To test the generality of the MicroSCALE platform using the optimized slide coating and printing processes, we seeded microarrays with a collection of mammalian cell types, including cancer cell lines derived from lung, breast, prostate, skin, brain, pancreas, colon, kidney, liver, and other tissues; genetically engineered, transformed human mammary epithelial cells; and mouse embryonic fibroblasts. Of 32 cell lines tested to date, 27 exhibited efficient adhesion, growth, infection, and selection on MicroSCALE features and are thus deemed suitable for high-throughput screening (tables S1 and S2).

Finally, we developed a simplified approach to quantify MicroSCALE screening results. Automated microscopy, the standard method of analyzing cells on glass slides, can capture complex cellular phenotypes but requires specialized equipment and takes hours to days to analyze the hundreds of features on a single slide (33), making it a potentially rate-limiting step for large screens. As an alternative, we found that certain simple, commonly measured phenotypes, such as cell number and phosphoprotein abundance, did not require cellular-level imaging and could be accurately quantified on circular MicroSCALE features by measuring only the total fluorescence intensity on each feature with a conventional DNA microarray scanner (fig. S5). Thus, in applicable screens, this method can analyze an entire slide in minutes, providing a means for rapid analysis of large quantities of screening data.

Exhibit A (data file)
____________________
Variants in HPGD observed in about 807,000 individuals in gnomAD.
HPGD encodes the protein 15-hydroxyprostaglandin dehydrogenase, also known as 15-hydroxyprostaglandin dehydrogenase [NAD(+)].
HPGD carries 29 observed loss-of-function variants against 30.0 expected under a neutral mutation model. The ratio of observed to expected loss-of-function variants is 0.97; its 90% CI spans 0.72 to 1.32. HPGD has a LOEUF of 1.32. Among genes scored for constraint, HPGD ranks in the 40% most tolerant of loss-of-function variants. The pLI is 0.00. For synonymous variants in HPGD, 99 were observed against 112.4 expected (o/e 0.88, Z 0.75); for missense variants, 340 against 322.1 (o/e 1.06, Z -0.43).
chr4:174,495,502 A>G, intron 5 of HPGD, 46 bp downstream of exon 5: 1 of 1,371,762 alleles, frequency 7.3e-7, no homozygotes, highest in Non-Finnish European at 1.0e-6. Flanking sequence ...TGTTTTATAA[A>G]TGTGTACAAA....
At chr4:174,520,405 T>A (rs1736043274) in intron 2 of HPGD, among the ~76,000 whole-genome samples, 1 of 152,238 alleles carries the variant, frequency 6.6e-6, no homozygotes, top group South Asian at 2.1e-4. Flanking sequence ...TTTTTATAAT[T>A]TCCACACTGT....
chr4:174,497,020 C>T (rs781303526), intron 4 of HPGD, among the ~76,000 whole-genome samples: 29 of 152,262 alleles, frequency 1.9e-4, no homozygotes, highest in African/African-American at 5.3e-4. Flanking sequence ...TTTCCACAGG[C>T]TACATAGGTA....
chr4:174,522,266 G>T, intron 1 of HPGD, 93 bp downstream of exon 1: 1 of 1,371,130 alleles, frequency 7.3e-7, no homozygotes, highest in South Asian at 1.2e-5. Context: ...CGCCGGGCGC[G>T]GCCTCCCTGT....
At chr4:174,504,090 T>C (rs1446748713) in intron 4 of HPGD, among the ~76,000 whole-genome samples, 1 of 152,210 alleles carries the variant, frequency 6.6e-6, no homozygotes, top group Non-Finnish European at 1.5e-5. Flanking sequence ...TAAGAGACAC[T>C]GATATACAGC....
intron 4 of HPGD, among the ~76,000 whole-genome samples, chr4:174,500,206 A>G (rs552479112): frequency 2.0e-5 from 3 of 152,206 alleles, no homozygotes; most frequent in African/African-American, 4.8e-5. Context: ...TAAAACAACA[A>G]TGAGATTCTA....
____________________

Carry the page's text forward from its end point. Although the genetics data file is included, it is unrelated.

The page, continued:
Applications of the MicroSCALE screening platform

To investigate whether the MicroSCALE platform could reproduce a representative set of proliferation- or staining-based results found by standard multiwell plate–based assays, we performed a series of experiments. First, we verified that proliferation on microscopic features was accurately monitored over time by comparing the effects of control [green fluorescent protein (GFP)–targeted] and cytostatic [polo-like kinase 1 (PLK1)–targeted and casein kinase 1ε (CSNK1E)–targeted] shRNAs, which block mitotic progression (Fig. 2A) (3). Second, we reproduced observations concerning oncogene addiction and synthetic lethality, demonstrating the dependence of epidermal growth factor receptor (EGFR)–mutant non–small cell lung cancers on growth signaling through EGFR and the related receptor ErbB3 and the dependence of KRAS-mutant cancers on both KRAS and TANK-binding kinase 1 (TBK1) (Fig. 2B) (4, 34). Third, by immunofluorescence, we demonstrated that the phosphorylation of ribosomal protein S6 required the upstream activity of mTOR (mammalian target of rapamycin) and Raptor, components of mTOR complex 1 (mTORC1) (Fig. 2C) (35).